SQL Azure - Creating a database

Peter Schmitz

Staff member
Creating a SQL Azure database couldn't be easier. If you have not already done so, follow our guide which details on how sign up for a Windows Azure account. Once that is done, you can continue to the Windows Azure Management portal. Alternatively, you can always head over to http://www.microsoft.com/windowsazure/, and then use the "Sign in to the Management Portal" link in the upper right to accomplish the same goal:


Once there, use the "Create Database Server" in the Common Tasks menu at the top to create a new database server which will host your SQL Azure database:


This will take you to a new screen, where you can create a new subscription if you would want to use a different subscription, create a new server, or create a new database. In our case, we want to create a server first, so select the middle option labelled "Create a new SQL Azure Server":

SQL Azure 01.png

This will initiate the "Create Database" wizard. First, yuo will have to pick which subscription you want to use, and which server. In case you do not have a server yet, you will be able to create a new server. This is what we want, so click "Next":

SQL Azure 02.png

The wizard will now prompt you to pick where you physically want your database to be stored. I would advise you to not automatically click the region you happen to be in, but to consider where the majority of your target audience will be coming from, and select whichever region is closest to them. Doing this will reduce latency for your audience. When you are done, click "Next".

SQL Azure 03.png

You will now have to fill in a Administrator Login name as well as a password. Pick a strong password, and be sure to store it somewhere safe.Then click "Next".

SQL Azure 04.png

As part of the SQL Azure security, you will have to create FireWall rules on the SQL Azure server in order to be able to access or manage databases on the server. You can supply a single IP address, or a range of IP addresses. This feature will ensure that no unauthorized parties can access the databases unless they are connecting from the specified addresses.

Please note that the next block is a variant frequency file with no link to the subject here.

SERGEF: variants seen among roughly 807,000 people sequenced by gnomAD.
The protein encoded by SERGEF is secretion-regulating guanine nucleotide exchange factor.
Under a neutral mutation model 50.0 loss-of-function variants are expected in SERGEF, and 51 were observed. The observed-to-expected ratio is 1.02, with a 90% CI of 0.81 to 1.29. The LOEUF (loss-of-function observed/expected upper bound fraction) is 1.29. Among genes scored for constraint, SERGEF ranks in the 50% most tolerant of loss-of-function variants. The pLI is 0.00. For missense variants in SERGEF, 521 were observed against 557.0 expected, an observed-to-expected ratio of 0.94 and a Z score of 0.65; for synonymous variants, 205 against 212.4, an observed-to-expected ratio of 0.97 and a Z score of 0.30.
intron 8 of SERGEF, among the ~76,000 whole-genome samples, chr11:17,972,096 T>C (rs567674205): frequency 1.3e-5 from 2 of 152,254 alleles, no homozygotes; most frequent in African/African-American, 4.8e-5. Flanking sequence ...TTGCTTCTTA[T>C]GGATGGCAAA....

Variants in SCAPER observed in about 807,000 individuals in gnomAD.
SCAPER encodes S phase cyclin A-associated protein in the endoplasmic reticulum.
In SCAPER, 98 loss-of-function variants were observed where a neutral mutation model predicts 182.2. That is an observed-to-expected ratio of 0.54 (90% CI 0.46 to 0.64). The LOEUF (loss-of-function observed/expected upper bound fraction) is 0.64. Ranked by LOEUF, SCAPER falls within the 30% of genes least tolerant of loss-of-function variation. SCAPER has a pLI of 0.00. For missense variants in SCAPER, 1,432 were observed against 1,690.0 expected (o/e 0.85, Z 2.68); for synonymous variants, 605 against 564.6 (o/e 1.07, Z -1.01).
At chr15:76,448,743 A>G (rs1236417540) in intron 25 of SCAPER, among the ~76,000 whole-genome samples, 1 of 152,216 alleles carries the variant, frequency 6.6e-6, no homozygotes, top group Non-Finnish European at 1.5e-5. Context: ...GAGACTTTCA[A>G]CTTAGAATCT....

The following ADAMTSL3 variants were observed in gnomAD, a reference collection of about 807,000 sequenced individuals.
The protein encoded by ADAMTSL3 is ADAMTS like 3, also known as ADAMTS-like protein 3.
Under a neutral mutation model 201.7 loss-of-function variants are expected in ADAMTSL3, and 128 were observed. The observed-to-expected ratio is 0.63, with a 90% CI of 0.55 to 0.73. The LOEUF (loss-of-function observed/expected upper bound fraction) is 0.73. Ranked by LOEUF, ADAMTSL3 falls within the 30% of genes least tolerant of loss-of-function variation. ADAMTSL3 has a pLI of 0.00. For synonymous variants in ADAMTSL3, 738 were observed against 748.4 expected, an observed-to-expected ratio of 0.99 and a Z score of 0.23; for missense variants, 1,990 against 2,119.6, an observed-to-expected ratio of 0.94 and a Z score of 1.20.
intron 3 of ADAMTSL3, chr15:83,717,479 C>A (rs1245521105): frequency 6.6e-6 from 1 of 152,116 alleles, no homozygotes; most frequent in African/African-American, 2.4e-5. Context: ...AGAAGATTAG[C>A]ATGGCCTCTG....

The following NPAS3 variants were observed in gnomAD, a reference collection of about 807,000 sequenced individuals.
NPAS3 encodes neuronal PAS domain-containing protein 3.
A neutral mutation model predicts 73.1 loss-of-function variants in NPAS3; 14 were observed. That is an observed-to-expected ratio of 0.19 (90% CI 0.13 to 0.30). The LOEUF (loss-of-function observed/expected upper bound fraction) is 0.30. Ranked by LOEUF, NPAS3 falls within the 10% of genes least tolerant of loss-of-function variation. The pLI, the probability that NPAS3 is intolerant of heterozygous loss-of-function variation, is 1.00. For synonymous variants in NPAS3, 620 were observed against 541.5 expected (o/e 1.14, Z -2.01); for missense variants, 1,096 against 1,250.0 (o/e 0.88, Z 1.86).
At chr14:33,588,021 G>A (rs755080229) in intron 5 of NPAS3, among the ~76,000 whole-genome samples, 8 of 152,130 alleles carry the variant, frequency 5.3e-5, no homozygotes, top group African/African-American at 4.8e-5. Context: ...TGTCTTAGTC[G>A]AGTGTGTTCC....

To create a new firewall rule, click the "Add" button:

SQL Azure 05.png

Using the "Add Firewall Rule" screen, you can give the rule a name, and enter the IP addresses it applies to. You can select to enter a start- and end of the range, or simply enter a single IP address twice. Below the text-boxes where you fill in the information for the rule, the wizard will helpfully display the current IP address you are connected to the Internet with:

SQL Azure 06.png

Click "Ok" to set up the rule. If you need to add more rules, repeat the last step. Otherwise, click "Next". You are now ready to create a database. Enter a name for it, and pick the edition and size for it. See the table below for a brief comparison.

EditionDescriptionSize options
WebBest suited for small applications.* 1 GB
* 5 GB
BusinessBest suited for larger projects, or enterprise applications.* 10 GB
* 20 GB
* 30 GB
* 40 GB
* 50 GB

Keep in mind that there are different costs involved with different database sizes, and that all editions allow for a certain amount of bandwith and transactions. Exceeding the allowed limits will lead to additional costs. For an oversight of the exact details, and offers and specials, check out http://www.microsoft.com/windowsazure/pricing/.

In my case, I want to set up a Web Edition database, sized at 1 GB:

SQL Azure 07.png

You're done, and now the proud owner of a new shiny SQL Azure database. As you can see by expanding your subscription, a server with a randomly generated name has been created for you. If you expand the server, you will see it contains a master database, and the database you just created, and that's it:

SQL Azure 08.png

On the right-hand side, there's a properties screen which gives you some additonal information on whichever node you have selected in the left-size tree-menu.Select the database you created, and you will see the name, edition, max size in bytes, the current size in bytes, and another very useful feature; a button that will bring up a new window detailing a connectionstring for you to use in applications that need to connect to your SQL Azure databas:

SQL Azure 09.png

Click on the Elipsis (...) button to bring up the connection string window:

SQL Azure 10.png

That concludes this guide on how to create a SQL Azure database. Should you require more databases, you can follow the same procedure again. When you do, you will also be able to select to use the existing server we created in this guide.